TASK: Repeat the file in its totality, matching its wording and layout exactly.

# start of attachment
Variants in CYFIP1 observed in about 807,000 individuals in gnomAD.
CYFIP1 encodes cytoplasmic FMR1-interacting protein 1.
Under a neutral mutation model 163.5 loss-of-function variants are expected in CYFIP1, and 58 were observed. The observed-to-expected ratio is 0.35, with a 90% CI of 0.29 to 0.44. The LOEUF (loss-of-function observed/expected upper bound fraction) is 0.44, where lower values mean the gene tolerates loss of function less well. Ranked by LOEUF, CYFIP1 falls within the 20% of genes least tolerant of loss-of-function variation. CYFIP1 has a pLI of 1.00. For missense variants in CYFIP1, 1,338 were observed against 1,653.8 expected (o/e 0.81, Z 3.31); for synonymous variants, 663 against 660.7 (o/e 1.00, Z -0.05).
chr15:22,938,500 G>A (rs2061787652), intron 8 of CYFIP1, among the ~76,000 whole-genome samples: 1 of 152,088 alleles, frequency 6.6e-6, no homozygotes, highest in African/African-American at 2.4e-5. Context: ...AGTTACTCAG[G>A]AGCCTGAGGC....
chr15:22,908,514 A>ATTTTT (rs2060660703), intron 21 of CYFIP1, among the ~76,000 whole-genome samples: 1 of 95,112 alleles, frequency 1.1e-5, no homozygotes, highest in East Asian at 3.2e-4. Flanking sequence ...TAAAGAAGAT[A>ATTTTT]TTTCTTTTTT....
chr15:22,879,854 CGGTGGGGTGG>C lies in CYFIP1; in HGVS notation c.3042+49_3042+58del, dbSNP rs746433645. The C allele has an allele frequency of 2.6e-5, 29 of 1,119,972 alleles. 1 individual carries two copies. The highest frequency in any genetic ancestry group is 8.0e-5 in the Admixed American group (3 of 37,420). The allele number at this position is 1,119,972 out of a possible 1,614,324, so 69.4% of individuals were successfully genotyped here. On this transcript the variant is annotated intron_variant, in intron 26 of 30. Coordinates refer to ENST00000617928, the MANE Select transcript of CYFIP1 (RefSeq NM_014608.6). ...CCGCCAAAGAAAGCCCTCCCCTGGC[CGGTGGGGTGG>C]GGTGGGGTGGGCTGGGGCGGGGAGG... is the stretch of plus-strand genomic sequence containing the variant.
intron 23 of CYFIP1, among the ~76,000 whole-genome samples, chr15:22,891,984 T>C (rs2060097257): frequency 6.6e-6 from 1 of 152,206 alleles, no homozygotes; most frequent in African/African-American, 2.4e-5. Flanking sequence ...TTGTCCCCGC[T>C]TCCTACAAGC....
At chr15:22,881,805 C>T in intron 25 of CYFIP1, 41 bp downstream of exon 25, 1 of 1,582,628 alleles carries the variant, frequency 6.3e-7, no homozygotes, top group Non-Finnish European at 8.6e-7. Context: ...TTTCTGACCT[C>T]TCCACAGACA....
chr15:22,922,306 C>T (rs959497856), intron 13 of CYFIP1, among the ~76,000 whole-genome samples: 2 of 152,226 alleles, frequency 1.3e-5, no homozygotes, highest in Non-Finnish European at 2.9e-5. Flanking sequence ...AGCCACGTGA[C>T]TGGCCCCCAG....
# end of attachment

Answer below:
Variants in CYFIP1 observed in about 807,000 individuals in gnomAD.
CYFIP1 encodes cytoplasmic FMR1-interacting protein 1.
Under a neutral mutation model 163.5 loss-of-function variants are expected in CYFIP1, and 58 were observed. The observed-to-expected ratio is 0.35, with a 90% CI of 0.29 to 0.44. The LOEUF (loss-of-function observed/expected upper bound fraction) is 0.44, where lower values mean the gene tolerates loss of function less well. Ranked by LOEUF, CYFIP1 falls within the 20% of genes least tolerant of loss-of-function variation. CYFIP1 has a pLI of 1.00. For missense variants in CYFIP1, 1,338 were observed against 1,653.8 expected (o/e 0.81, Z 3.31); for synonymous variants, 663 against 660.7 (o/e 1.00, Z -0.05).
chr15:22,938,500 G>A (rs2061787652), intron 8 of CYFIP1, among the ~76,000 whole-genome samples: 1 of 152,088 alleles, frequency 6.6e-6, no homozygotes, highest in African/African-American at 2.4e-5. Context: ...AGTTACTCAG[G>A]AGCCTGAGGC....
chr15:22,908,514 A>ATTTTT (rs2060660703), intron 21 of CYFIP1, among the ~76,000 whole-genome samples: 1 of 95,112 alleles, frequency 1.1e-5, no homozygotes, highest in East Asian at 3.2e-4. Flanking sequence ...TAAAGAAGAT[A>ATTTTT]TTTCTTTTTT....
chr15:22,879,854 CGGTGGGGTGG>C lies in CYFIP1; in HGVS notation c.3042+49_3042+58del, dbSNP rs746433645. The C allele has an allele frequency of 2.6e-5, 29 of 1,119,972 alleles. 1 individual carries two copies. The highest frequency in any genetic ancestry group is 8.0e-5 in the Admixed American group (3 of 37,420). The allele number at this position is 1,119,972 out of a possible 1,614,324, so 69.4% of individuals were successfully genotyped here. On this transcript the variant is annotated intron_variant, in intron 26 of 30. Coordinates refer to ENST00000617928, the MANE Select transcript of CYFIP1 (RefSeq NM_014608.6). ...CCGCCAAAGAAAGCCCTCCCCTGGC[CGGTGGGGTGG>C]GGTGGGGTGGGCTGGGGCGGGGAGG... is the stretch of plus-strand genomic sequence containing the variant.
intron 23 of CYFIP1, among the ~76,000 whole-genome samples, chr15:22,891,984 T>C (rs2060097257): frequency 6.6e-6 from 1 of 152,206 alleles, no homozygotes; most frequent in African/African-American, 2.4e-5. Flanking sequence ...TTGTCCCCGC[T>C]TCCTACAAGC....
At chr15:22,881,805 C>T in intron 25 of CYFIP1, 41 bp downstream of exon 25, 1 of 1,582,628 alleles carries the variant, frequency 6.3e-7, no homozygotes, top group Non-Finnish European at 8.6e-7. Context: ...TTTCTGACCT[C>T]TCCACAGACA....
chr15:22,922,306 C>T (rs959497856), intron 13 of CYFIP1, among the ~76,000 whole-genome samples: 2 of 152,226 alleles, frequency 1.3e-5, no homozygotes, highest in Non-Finnish European at 2.9e-5. Flanking sequence ...AGCCACGTGA[C>T]TGGCCCCCAG....